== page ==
49ºF

How to watch the Independence Day lunar eclipse

This weekend don't miss the full moon plus a partial lunar eclipse

KENNEDY SPACE CENTER, FLA. - The start of a lunar eclipse is viewed from Merritt Island, Fla.  Eclipses occur when the Sun, Earth and Moon line up. They are rare because the Moon usually passes above or below the imaginary line connecting Earth and the Sun. The Earth casts a shadow that the Moon can pass through - when it does, it is called a lunar eclipse.
KENNEDY SPACE CENTER, FLA. - The start of a lunar eclipse is viewed from Merritt Island, Fla. Eclipses occur when the Sun, Earth and Moon line up. They are rare because the Moon usually passes above or below the imaginary line connecting Earth and the Sun. The Earth casts a shadow that the Moon can pass through - when it does, it is called a lunar eclipse. (Copyright 2020 by WJXT News4Jax - All rights reserved.)

JACKSONVILLE, Fla. – This weekend you may be enjoying fireworks in celebration of Independence Day, but don’t miss the show from Mother Nature. Just after midnight on Saturday, the moon will be at its most full for this cycle.

According to NASA, this full moon (the Buck Moon, Thunder Moon, Hay Moon, Mead Mood, Rose Moon, Guru Moon, etc.) also comes with a partial penumbral lunar eclipse.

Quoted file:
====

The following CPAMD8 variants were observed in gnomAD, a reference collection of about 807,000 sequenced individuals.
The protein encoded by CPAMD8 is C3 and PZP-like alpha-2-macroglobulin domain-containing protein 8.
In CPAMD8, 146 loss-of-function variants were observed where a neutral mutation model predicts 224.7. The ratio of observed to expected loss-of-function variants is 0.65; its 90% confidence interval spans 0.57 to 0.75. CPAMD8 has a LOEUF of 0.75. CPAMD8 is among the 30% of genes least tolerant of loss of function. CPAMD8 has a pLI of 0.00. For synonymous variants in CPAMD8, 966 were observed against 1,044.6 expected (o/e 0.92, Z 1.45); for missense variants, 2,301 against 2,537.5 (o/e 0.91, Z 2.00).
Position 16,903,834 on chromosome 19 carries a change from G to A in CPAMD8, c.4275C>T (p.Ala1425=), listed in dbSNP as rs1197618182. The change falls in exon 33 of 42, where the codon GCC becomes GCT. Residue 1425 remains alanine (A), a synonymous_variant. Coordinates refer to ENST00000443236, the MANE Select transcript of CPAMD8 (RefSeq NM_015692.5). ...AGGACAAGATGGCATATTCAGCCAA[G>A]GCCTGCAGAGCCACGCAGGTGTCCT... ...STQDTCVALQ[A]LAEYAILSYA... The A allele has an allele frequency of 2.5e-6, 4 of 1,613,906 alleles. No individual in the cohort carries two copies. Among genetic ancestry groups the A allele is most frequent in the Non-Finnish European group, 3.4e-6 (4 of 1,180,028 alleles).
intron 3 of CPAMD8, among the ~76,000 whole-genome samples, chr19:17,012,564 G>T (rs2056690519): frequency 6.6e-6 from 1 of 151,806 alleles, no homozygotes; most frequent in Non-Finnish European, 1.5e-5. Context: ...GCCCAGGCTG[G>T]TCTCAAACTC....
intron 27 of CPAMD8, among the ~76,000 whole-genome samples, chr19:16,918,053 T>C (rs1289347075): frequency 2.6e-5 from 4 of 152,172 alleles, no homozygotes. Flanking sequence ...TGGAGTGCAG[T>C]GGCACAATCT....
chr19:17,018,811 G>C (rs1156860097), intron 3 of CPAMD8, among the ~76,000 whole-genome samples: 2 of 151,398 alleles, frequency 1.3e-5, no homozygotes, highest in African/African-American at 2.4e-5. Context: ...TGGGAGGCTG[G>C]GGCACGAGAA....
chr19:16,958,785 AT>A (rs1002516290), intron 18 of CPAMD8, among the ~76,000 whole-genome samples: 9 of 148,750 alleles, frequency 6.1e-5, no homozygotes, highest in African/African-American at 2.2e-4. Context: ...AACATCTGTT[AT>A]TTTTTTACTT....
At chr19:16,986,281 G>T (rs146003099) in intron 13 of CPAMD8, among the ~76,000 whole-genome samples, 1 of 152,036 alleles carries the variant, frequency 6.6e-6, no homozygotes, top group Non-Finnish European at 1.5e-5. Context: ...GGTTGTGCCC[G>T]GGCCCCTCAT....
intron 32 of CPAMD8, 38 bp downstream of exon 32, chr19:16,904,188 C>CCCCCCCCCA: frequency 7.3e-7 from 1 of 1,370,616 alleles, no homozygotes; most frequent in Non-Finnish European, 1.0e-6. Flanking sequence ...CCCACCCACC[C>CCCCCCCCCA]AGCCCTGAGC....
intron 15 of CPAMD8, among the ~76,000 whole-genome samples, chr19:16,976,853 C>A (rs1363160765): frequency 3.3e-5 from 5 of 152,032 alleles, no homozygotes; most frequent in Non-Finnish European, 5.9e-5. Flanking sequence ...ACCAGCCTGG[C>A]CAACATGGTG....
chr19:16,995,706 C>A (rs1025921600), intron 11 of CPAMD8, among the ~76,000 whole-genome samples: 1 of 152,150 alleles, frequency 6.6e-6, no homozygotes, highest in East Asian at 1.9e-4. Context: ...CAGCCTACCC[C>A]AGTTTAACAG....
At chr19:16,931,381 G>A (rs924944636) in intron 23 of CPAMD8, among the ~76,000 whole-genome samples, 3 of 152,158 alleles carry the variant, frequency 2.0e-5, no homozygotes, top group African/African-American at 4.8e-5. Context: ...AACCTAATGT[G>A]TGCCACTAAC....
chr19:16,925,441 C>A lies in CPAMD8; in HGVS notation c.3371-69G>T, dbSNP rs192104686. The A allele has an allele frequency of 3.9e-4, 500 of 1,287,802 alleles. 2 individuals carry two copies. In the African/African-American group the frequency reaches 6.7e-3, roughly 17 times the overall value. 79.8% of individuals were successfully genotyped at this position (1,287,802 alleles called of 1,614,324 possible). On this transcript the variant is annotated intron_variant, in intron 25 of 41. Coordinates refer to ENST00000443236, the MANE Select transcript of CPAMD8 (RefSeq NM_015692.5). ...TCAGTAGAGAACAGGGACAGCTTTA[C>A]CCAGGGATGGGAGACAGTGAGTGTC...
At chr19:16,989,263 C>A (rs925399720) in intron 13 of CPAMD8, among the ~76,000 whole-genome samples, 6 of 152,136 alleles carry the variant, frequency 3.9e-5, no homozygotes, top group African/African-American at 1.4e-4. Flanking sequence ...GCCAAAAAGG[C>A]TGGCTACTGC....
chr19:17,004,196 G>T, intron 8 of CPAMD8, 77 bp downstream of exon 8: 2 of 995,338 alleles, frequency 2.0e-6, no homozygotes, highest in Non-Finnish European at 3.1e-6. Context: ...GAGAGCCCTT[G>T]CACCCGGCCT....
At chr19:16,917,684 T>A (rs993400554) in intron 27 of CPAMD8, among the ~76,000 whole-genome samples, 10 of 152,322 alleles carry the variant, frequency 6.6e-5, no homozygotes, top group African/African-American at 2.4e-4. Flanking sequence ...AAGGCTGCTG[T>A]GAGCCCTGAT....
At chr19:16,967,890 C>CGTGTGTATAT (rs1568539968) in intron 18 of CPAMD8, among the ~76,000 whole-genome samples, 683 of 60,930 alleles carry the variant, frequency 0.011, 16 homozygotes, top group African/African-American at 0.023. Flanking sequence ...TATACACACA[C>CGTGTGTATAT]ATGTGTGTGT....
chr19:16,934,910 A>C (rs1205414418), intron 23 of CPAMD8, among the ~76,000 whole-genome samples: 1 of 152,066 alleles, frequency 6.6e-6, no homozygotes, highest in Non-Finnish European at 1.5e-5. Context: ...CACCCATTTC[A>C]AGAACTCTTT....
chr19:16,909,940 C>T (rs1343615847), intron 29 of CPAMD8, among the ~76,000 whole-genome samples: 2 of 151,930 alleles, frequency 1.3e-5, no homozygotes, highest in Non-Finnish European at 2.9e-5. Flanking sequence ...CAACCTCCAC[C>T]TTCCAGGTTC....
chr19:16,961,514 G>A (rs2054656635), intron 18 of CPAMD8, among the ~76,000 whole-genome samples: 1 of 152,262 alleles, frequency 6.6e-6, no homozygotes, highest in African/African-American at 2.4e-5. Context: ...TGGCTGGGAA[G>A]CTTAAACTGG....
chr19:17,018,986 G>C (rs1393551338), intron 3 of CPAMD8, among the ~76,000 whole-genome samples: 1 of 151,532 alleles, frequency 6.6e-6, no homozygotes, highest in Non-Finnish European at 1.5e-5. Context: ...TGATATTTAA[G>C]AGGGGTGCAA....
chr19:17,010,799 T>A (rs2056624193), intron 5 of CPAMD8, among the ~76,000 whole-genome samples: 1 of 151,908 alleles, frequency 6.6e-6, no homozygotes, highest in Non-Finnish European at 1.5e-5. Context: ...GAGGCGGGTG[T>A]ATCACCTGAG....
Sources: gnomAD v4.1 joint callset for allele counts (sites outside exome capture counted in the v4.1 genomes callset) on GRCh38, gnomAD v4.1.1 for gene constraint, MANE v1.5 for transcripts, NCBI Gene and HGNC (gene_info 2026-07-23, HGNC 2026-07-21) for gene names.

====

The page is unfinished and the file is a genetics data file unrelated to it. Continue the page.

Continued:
Lunar eclipses are a snoozefest compared to solar eclipses, but they can be fun as long as your expectations aren’t too high.

NASA points out what to expect:

The moon will start to enter the partial shadow on Saturday night, July 4, 2020, at 11:07 p.m. At 12:30 Sunday, (the peak of the eclipse) about 35 percent of the moon will be in the partial shadow. The moon will finish exiting the partial shadow of the Earth at 1:52 a.m. The moon will be close enough to opposite the Sun that its northern edge will pass through the partial shadow of the Earth — called a partial penumbral eclipse.

It’s likely that watching the full moon rise would be more enjoyable, especially from the beach. In Jacksonville, the moon rise will be at 8:23p.m. on Saturday and at 9:18p.m. on Sunday.


About the Author: